Spending by GCC governments has outpaced revenue growth for the first time in five years, a US-based research house has found.
The Institute of International Finance (IIF) said on the back of record incomes from the hydrocarbon sector, governments had orchestrated a 13 per cent pick-up in expenditure in 2007, which eclipsed a four per cent gain in revenue.
This in turn eased the GCC’s fiscal surplus to 19 per cent of GDP last year, from 23 per cent of GDP in 2006.
“GCC governments continue to pursue high growth strategies in a bid to provide employment for their young and fast-growing populations. Government spending has gathered pace over the past year or so, and in 2007 outstripped revenue growth for the first time since the current oil boom began in 2002,” the IIF’s Economic Report said.
It also found expenditure had stabilised as a percentage of GDP at 29 per cent, while revenue eased to a still-formidable 48 per cent of GDP. “In aggregate terms, hydrocarbons revenue accounted for around 84 per cent of total government revenue, and was not less than 74 per cent in any country. Non-hydrocarbons revenue climbed by around six per cent to $69 billion (Dh253bn) owing to an increase in investment income. Revenue from customs tariffs, fees and charges also posted gains,” said the report.
The study said the six states’ aggregate current account surplus was up to an all-time high of $215bn in 2007 (27 per cent of GDP), adding this would bolster the region’s vast stock of net foreign assets, which is now estimated at around $1.8trn.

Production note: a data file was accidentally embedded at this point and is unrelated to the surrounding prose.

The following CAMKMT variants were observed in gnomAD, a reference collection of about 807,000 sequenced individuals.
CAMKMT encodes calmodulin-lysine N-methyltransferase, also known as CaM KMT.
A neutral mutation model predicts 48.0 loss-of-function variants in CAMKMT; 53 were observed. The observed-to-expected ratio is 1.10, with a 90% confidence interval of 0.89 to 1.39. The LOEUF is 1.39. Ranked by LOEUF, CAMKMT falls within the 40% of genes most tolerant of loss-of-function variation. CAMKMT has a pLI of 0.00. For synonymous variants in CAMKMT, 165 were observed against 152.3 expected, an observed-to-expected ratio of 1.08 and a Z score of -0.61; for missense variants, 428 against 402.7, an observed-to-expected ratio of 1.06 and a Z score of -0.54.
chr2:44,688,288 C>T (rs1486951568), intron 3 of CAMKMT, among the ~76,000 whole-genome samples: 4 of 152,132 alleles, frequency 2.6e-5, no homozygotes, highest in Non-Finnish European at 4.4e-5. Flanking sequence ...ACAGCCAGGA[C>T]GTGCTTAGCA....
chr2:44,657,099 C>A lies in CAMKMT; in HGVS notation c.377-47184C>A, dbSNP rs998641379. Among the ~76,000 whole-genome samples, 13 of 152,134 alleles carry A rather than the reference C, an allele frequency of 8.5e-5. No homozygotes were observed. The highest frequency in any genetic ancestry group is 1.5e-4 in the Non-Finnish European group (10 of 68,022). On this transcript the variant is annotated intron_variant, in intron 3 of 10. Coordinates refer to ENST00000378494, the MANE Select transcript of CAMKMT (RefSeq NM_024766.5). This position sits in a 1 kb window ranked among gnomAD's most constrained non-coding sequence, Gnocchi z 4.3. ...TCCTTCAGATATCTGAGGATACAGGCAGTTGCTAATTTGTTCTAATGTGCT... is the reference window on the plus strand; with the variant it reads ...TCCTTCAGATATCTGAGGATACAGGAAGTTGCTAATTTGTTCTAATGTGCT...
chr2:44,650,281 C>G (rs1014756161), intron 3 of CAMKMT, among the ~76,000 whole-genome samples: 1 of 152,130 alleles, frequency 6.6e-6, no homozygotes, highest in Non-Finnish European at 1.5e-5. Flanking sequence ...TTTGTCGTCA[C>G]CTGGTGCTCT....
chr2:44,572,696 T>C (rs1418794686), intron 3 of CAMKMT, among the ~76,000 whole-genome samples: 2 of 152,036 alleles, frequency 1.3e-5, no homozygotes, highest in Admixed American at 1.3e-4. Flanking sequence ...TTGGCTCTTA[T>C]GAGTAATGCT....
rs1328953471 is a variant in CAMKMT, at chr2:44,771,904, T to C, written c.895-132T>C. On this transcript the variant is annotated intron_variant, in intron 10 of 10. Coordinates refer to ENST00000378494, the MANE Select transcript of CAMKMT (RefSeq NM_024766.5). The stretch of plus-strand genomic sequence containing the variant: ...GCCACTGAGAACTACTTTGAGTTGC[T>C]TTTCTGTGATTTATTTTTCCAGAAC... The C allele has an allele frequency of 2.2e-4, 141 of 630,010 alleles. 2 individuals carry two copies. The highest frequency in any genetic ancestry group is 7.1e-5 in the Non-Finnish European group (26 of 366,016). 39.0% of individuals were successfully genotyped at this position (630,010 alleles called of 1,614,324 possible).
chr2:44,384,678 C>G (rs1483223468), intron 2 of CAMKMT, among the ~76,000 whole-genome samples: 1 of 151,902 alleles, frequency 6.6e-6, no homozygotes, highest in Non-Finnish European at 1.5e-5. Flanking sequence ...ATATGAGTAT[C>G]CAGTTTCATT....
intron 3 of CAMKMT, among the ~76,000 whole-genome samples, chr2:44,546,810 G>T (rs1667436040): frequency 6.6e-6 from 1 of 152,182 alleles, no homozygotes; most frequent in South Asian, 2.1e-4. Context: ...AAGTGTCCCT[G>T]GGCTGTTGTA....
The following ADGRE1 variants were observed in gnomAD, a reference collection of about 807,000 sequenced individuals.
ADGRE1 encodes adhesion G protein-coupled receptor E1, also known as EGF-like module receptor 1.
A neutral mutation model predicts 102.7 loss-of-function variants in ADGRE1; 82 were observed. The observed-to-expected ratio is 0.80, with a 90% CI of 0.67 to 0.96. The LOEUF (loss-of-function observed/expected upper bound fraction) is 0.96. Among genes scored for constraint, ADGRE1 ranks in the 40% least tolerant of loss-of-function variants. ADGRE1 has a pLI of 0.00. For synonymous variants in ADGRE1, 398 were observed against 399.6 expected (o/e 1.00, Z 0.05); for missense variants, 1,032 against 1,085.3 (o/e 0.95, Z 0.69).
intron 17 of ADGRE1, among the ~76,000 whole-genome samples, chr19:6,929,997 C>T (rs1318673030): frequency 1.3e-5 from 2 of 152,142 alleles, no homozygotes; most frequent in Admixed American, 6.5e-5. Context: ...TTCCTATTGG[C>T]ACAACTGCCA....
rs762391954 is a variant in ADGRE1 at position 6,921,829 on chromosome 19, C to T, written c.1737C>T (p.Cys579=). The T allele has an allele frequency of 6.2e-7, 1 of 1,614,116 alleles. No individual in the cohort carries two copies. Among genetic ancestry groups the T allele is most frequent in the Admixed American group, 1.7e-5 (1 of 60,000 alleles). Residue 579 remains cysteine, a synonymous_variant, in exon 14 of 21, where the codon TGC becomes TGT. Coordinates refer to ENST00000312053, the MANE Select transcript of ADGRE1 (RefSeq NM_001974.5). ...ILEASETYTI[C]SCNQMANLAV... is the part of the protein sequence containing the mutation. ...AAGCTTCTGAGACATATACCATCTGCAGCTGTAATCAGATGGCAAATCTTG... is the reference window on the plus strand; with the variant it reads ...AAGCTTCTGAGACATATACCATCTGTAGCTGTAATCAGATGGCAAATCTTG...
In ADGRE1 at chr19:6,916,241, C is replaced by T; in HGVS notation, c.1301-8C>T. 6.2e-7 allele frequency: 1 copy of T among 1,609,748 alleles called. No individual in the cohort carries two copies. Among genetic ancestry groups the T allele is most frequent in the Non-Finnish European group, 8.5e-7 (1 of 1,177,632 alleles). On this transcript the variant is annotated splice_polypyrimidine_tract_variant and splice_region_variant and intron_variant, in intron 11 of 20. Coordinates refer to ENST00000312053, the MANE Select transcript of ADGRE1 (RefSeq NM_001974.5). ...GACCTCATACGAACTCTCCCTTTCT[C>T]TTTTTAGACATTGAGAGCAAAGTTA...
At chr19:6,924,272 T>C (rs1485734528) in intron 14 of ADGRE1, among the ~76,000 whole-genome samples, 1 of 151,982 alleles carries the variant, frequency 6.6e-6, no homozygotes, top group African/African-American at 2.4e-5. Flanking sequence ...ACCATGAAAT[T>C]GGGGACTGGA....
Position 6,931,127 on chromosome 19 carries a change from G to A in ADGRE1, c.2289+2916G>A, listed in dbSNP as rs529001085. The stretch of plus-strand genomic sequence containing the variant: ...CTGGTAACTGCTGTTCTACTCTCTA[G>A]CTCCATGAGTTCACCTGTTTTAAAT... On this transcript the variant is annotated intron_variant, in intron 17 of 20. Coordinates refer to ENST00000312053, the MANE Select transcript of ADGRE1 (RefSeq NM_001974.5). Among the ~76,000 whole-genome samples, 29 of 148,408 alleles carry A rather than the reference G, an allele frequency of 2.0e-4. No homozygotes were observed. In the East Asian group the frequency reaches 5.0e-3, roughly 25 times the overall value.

The current account surplus is expected to widen slightly to around 28 per cent of GDP in 2008, with a further increase in oil prices expected to offset the impact of burgeoning import demand. Notwithstanding the anticipated easing of oil prices in 2009, the GCC’s external position will remain extremely comfortable, the IIF predicted.
“With oil prices high GCC governments are likely to step up the pace of capital spending. The danger of overcapacity remains real, but rising construction costs and other supply-side constraints might place a natural check on some of the more fanciful real estate projects, that are in the planning stages.
The report added: “For the most part, GCC governments have continued to pursue policies aimed at encouraging rapid economic growth. They are supported in this by highly elevated oil prices, which have allowed substantial fiscal surpluses to be recorded even as spending picked up. However, in some countries the rapid growth strategy has contributed to significant inflationary pressures, which have been exacerbated by fixed peg exchange rate systems.
“Structural problems, such as rigid labour markets, extensive fiscal subsidies, and corporate governance shortcomings are being gradually addressed, but remain deep-rooted,” it added.
A recent research note from UBS stated enormous current account surpluses had allowed energy-exporting GCC states significant fiscal reserves in sovereign wealth funds.
Although, the bank’s report, the Global Emerging Markets Strategy, warned GCC government’s were running the risk of pinning future budget surpluses solely on high oil prices.
“In the GCC, hydrocarbon revenues make up 70 to 95 per cent of central government budget revenues. From a budget perspective, ‘breakeven’ oil prices – oil prices where budgets would just be balanced – are well below current market prices.
“The result is huge windfall gains. However, given strong public investment, high population growth and associated social spending, budget ‘breakeven’ oil prices are expected to rise over time. In other words, GCC countries will need higher oil prices in the future to keep their budgets in surplus,” said the report.